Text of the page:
Figure 3: National Labor Force Participation versus School Enrollment Rate

Help for Teens Entering the Job Market

Regardless of the cause, it is undeniable that the labor market for teenagers has changed dramatically in recent years. While some Minnesotans are deferring entering the job market for a future time, for many teens finding a summer job remains an important step to building their careers and economic stability. Summer jobs offer young Minnesotans a chance to learn the basic job skills that employers will look for as they move forward in their careers. They help teens develop connections with employers, bolster their resumes for future job and college applications, and provide income that can create a bridge for those looking to begin their work lives immediately or help those who seek further education cover some of the rising tuition costs.

A number of organizations in the state are aimed at helping young people navigate the job market. Many have a specific focus, such as woodworking, agriculture, or environmental stewardship. In addition to the programs listed below, DEED also provides avenues of assistance for people who come from low income families or have other barriers to employment. The MN Youth Program, Youthbuild Program, and Workforce Investment Act Youth Programs all provide services to youth who are seeking employment. You can find more information on these programs, including lists of service providers searchable by county, at:

If you’re a Minnesota teen looking to join the workforce, you can improve your chances by having a well written resume that has been proofread by at least one additional person, finding as many references as possible from people you know already in the workforce, and being sure to pursue whatever opportunities you’re able to find. While it may be difficult to find a job in the current market, being successful this summer may make a big difference in your work life later on.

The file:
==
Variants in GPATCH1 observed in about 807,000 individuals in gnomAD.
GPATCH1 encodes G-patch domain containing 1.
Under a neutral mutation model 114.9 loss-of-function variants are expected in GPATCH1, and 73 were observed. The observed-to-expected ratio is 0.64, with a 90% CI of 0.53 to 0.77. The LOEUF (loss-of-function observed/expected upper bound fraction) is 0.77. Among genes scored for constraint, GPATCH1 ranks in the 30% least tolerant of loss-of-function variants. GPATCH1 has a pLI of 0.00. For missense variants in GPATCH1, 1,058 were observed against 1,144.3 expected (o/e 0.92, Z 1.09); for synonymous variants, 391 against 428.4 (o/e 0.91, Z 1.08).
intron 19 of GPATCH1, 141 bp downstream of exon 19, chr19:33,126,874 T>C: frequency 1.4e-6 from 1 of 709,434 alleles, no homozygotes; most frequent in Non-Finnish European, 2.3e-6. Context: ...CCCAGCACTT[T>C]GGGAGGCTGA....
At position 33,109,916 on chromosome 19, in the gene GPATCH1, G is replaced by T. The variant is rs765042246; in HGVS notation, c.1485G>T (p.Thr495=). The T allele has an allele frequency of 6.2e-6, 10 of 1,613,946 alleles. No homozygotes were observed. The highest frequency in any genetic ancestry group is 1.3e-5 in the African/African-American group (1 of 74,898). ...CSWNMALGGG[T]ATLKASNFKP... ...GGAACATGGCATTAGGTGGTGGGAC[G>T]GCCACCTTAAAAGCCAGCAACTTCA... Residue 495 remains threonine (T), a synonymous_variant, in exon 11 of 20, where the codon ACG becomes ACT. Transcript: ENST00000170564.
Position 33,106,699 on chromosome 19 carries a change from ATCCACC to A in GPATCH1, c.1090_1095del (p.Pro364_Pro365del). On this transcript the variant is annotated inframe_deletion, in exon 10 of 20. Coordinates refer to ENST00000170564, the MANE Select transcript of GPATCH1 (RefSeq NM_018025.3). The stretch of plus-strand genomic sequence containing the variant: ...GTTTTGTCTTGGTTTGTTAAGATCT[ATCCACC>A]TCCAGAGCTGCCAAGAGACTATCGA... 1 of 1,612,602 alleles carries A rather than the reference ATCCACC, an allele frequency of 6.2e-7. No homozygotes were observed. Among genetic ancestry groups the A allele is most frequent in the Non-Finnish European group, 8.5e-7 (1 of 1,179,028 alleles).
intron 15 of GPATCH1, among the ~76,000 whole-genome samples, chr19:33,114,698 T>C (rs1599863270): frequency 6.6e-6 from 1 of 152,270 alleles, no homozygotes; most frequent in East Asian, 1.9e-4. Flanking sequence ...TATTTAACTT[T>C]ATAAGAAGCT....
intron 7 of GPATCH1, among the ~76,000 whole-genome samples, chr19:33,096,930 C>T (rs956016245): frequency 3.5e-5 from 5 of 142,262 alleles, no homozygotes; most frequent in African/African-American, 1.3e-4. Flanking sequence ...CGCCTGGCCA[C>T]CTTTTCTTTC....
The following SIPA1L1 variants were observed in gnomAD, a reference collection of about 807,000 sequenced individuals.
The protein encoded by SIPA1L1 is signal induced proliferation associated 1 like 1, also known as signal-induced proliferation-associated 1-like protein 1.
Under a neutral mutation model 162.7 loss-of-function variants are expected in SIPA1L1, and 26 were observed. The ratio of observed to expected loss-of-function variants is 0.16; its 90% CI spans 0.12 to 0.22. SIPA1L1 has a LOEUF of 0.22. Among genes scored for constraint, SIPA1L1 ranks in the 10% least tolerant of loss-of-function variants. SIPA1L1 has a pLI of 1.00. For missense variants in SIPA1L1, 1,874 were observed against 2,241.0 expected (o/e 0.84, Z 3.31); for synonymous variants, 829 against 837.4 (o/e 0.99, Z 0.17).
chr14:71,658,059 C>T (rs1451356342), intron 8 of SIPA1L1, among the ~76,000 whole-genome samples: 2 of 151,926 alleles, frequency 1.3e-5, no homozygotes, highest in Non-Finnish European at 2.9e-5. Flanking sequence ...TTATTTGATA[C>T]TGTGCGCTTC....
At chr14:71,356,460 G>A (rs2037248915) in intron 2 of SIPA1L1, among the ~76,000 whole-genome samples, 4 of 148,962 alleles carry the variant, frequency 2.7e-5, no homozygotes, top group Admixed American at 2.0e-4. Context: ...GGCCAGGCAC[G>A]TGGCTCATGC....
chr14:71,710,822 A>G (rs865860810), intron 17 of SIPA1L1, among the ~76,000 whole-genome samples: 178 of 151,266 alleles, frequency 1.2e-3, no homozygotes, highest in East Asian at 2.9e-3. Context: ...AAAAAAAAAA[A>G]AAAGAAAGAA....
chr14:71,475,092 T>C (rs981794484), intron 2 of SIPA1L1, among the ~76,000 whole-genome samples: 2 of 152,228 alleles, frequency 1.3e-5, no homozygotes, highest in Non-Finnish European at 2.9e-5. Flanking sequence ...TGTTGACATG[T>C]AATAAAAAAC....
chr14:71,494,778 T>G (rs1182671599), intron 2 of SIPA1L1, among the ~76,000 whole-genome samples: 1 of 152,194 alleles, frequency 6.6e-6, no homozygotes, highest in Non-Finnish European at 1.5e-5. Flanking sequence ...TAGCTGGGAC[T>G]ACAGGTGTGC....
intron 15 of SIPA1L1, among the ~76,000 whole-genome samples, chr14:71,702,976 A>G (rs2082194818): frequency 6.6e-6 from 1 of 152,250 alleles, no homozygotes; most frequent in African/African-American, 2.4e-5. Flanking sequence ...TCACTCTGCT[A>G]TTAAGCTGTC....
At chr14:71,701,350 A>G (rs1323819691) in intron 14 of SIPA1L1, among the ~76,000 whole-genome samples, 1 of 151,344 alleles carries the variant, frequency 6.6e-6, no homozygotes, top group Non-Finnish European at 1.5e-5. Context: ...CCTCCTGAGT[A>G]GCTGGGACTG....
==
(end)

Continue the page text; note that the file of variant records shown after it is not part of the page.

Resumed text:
Selected Minnesota Youth Employment Programs and Services

This is a partial list of Minnesota youth employment programs and services. Many available opportunities are not listed here so please do your own research on what may be available in your community.

Cookie Cart: bakery operations (paid), career readiness, workforce skills, and customer service, North Minneapolis

Elpis Enterprises: woodworking, screen printing, and experiential workshops, St. Paul

EMERGE StreetWerks: summer employment program and youth services, Minneapolis

Minnesota Conservation Corps: environmental services, statewide

Minnesota Landscape Arboretum, Urban Garden Youth Employment: entrepreneurship and leadership jobs in a variety of programs for youth age 12 to 19, Metro

Right Track: paid internships and career development opportunities for low-income students, St. Paul

Tree Trust Youth Summer Employment Program: paid work in a variety of positions in the Twin Cities metro area.

Youth Express: Saint Paul area program that includes a 15-session”Urban Apprentice” class and paid internship opportunities at a bike shop or clothing store

Youth Farm & Market Project: personal development and farming, Minneapolis and St. Paul

YouthLead: services for low-income Ramsey County youth, ages 14-21. Includes skill training and employment opportunities.

1United States Bureau of Labor Statistics and U.S. Census Bureau. 2014 Current Population Survey.

2 Casale, Oriane and Mustapha Hammida, “Minnesota’s Low-Wage Sector.” Minnesota Economic Trends.

3 U.S. Census Bureau, Longitudinal Employer-Household Dynamics, Quarterly Workforce Indicators for Minnesota, 2013.

4 U.S Department of Labor, Bureau of Labor Statistics, March 2014. “Characteristics of Minimum Wage Workers, 2013.”